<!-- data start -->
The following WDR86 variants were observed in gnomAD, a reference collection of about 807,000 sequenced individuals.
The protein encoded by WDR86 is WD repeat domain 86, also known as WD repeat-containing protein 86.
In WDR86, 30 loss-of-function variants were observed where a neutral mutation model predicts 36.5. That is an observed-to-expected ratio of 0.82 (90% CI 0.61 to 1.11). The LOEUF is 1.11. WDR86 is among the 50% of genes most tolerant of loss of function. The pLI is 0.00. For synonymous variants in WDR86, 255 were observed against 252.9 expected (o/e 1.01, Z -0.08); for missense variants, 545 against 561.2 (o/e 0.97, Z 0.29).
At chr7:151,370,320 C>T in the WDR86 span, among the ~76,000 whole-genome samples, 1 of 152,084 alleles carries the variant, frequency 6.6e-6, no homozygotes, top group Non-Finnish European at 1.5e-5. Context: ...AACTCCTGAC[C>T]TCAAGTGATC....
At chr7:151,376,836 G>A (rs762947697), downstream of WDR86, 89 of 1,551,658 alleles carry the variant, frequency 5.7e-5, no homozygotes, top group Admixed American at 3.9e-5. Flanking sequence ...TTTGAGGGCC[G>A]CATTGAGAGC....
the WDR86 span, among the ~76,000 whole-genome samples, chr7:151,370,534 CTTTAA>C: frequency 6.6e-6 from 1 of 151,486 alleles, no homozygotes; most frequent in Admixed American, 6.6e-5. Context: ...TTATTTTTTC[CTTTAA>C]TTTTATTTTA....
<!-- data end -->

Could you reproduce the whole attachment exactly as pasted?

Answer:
The following WDR86 variants were observed in gnomAD, a reference collection of about 807,000 sequenced individuals.
The protein encoded by WDR86 is WD repeat domain 86, also known as WD repeat-containing protein 86.
In WDR86, 30 loss-of-function variants were observed where a neutral mutation model predicts 36.5. That is an observed-to-expected ratio of 0.82 (90% CI 0.61 to 1.11). The LOEUF is 1.11. WDR86 is among the 50% of genes most tolerant of loss of function. The pLI is 0.00. For synonymous variants in WDR86, 255 were observed against 252.9 expected (o/e 1.01, Z -0.08); for missense variants, 545 against 561.2 (o/e 0.97, Z 0.29).
At chr7:151,370,320 C>T in the WDR86 span, among the ~76,000 whole-genome samples, 1 of 152,084 alleles carries the variant, frequency 6.6e-6, no homozygotes, top group Non-Finnish European at 1.5e-5. Context: ...AACTCCTGAC[C>T]TCAAGTGATC....
At chr7:151,376,836 G>A (rs762947697), downstream of WDR86, 89 of 1,551,658 alleles carry the variant, frequency 5.7e-5, no homozygotes, top group Admixed American at 3.9e-5. Flanking sequence ...TTTGAGGGCC[G>A]CATTGAGAGC....
the WDR86 span, among the ~76,000 whole-genome samples, chr7:151,370,534 CTTTAA>C: frequency 6.6e-6 from 1 of 151,486 alleles, no homozygotes; most frequent in Admixed American, 6.6e-5. Context: ...TTATTTTTTC[CTTTAA>C]TTTTATTTTA....